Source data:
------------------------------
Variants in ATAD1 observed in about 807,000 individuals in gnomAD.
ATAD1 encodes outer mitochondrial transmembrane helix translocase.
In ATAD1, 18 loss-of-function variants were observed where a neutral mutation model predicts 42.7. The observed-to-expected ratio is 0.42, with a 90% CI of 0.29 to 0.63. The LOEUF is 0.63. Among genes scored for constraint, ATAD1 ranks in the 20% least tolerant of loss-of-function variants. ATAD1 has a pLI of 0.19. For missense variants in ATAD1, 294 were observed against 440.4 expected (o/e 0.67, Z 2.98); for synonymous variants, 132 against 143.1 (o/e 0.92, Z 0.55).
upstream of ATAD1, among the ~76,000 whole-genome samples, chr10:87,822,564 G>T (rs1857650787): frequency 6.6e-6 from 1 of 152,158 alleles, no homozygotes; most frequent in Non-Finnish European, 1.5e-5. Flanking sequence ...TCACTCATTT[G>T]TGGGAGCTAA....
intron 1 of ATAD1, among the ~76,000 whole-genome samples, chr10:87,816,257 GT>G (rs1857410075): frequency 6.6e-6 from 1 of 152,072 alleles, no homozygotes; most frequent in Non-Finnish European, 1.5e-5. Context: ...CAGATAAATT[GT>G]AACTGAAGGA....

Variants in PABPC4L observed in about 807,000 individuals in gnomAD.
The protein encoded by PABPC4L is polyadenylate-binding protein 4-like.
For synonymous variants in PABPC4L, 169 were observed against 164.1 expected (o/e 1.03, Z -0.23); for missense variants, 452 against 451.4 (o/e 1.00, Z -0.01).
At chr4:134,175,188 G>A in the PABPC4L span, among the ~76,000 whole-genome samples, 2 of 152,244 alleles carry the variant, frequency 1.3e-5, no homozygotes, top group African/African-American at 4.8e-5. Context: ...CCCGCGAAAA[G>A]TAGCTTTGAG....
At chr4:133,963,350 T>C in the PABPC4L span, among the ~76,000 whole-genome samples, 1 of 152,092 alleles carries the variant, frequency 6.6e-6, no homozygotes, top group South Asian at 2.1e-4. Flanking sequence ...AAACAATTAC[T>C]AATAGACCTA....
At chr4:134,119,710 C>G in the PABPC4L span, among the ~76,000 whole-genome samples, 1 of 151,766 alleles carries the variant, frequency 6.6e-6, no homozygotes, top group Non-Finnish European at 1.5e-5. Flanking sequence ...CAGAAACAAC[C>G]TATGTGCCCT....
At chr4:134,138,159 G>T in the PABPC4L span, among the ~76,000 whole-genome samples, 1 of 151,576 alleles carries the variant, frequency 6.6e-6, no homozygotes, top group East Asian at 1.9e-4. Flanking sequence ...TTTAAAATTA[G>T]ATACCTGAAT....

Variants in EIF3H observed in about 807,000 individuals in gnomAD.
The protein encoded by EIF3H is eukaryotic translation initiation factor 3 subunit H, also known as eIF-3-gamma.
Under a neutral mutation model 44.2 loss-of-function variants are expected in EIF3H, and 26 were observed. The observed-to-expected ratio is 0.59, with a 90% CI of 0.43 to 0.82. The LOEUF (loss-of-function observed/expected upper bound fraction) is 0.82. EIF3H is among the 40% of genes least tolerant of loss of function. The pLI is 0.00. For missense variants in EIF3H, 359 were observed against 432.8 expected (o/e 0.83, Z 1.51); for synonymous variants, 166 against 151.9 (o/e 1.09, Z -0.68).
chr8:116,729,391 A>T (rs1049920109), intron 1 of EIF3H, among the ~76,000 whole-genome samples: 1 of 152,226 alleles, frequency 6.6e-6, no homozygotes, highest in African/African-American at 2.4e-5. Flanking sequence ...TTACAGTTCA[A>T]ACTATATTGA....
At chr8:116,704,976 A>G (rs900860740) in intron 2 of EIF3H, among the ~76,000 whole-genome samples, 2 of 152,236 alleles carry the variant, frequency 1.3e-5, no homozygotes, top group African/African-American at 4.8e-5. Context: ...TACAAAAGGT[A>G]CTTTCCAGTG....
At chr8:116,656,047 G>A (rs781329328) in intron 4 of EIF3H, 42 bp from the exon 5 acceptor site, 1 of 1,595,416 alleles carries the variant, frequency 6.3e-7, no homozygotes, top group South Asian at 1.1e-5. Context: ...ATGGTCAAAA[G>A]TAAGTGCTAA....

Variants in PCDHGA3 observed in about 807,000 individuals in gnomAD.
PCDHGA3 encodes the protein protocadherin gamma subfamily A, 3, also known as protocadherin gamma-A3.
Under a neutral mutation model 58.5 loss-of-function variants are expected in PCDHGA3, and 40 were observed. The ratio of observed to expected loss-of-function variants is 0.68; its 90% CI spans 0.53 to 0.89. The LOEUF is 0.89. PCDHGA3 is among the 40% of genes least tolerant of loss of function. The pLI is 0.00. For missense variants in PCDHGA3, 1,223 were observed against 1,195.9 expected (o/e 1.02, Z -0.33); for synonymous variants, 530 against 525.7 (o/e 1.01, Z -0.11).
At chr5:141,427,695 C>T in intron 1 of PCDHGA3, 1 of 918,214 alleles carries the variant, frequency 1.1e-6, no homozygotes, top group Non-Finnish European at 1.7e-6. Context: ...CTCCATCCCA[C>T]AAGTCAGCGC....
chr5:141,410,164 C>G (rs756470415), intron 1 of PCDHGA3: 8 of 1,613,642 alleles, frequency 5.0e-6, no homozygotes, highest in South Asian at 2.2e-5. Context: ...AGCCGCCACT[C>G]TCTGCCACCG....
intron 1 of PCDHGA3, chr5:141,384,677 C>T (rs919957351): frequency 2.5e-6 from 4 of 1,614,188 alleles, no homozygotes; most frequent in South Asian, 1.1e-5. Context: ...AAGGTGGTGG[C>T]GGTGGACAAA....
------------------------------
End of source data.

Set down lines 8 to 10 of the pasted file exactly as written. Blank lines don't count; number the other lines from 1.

For synonymous variants in PABPC4L, 169 were observed against 164.1 expected (o/e 1.03, Z -0.23); for missense variants, 452 against 451.4 (o/e 1.00, Z -0.01).
At chr4:134,175,188 G>A in the PABPC4L span, among the ~76,000 whole-genome samples, 2 of 152,244 alleles carry the variant, frequency 1.3e-5, no homozygotes, top group African/African-American at 4.8e-5. Context: ...CCCGCGAAAA[G>A]TAGCTTTGAG....
At chr4:133,963,350 T>C in the PABPC4L span, among the ~76,000 whole-genome samples, 1 of 152,092 alleles carries the variant, frequency 6.6e-6, no homozygotes, top group South Asian at 2.1e-4. Flanking sequence ...AAACAATTAC[T>C]AATAGACCTA....